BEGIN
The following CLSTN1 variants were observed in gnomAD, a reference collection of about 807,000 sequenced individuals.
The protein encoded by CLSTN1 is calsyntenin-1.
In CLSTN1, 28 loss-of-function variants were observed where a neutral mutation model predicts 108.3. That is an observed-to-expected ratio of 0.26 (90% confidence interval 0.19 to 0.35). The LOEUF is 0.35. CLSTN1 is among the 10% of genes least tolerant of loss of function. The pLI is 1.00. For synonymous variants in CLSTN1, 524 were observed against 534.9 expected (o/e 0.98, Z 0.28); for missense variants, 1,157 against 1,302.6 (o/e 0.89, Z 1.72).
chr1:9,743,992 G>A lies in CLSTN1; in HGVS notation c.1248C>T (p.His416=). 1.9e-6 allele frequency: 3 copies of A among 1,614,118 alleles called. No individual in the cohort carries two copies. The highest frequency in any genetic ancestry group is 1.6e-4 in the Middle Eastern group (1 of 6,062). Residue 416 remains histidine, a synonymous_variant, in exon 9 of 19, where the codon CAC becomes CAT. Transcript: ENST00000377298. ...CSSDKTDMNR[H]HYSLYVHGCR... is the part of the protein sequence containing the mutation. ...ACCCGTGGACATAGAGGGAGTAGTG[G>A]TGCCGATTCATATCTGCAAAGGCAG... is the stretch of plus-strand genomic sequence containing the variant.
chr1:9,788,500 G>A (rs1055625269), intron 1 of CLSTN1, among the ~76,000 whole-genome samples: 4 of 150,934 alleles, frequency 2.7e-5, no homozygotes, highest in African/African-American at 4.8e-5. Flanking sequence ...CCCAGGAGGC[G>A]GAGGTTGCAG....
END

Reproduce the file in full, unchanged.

The following CLSTN1 variants were observed in gnomAD, a reference collection of about 807,000 sequenced individuals.
The protein encoded by CLSTN1 is calsyntenin-1.
In CLSTN1, 28 loss-of-function variants were observed where a neutral mutation model predicts 108.3. That is an observed-to-expected ratio of 0.26 (90% confidence interval 0.19 to 0.35). The LOEUF is 0.35. CLSTN1 is among the 10% of genes least tolerant of loss of function. The pLI is 1.00. For synonymous variants in CLSTN1, 524 were observed against 534.9 expected (o/e 0.98, Z 0.28); for missense variants, 1,157 against 1,302.6 (o/e 0.89, Z 1.72).
chr1:9,743,992 G>A lies in CLSTN1; in HGVS notation c.1248C>T (p.His416=). 1.9e-6 allele frequency: 3 copies of A among 1,614,118 alleles called. No individual in the cohort carries two copies. The highest frequency in any genetic ancestry group is 1.6e-4 in the Middle Eastern group (1 of 6,062). Residue 416 remains histidine, a synonymous_variant, in exon 9 of 19, where the codon CAC becomes CAT. Transcript: ENST00000377298. ...CSSDKTDMNR[H]HYSLYVHGCR... is the part of the protein sequence containing the mutation. ...ACCCGTGGACATAGAGGGAGTAGTG[G>A]TGCCGATTCATATCTGCAAAGGCAG... is the stretch of plus-strand genomic sequence containing the variant.
chr1:9,788,500 G>A (rs1055625269), intron 1 of CLSTN1, among the ~76,000 whole-genome samples: 4 of 150,934 alleles, frequency 2.7e-5, no homozygotes, highest in African/African-American at 4.8e-5. Flanking sequence ...CCCAGGAGGC[G>A]GAGGTTGCAG....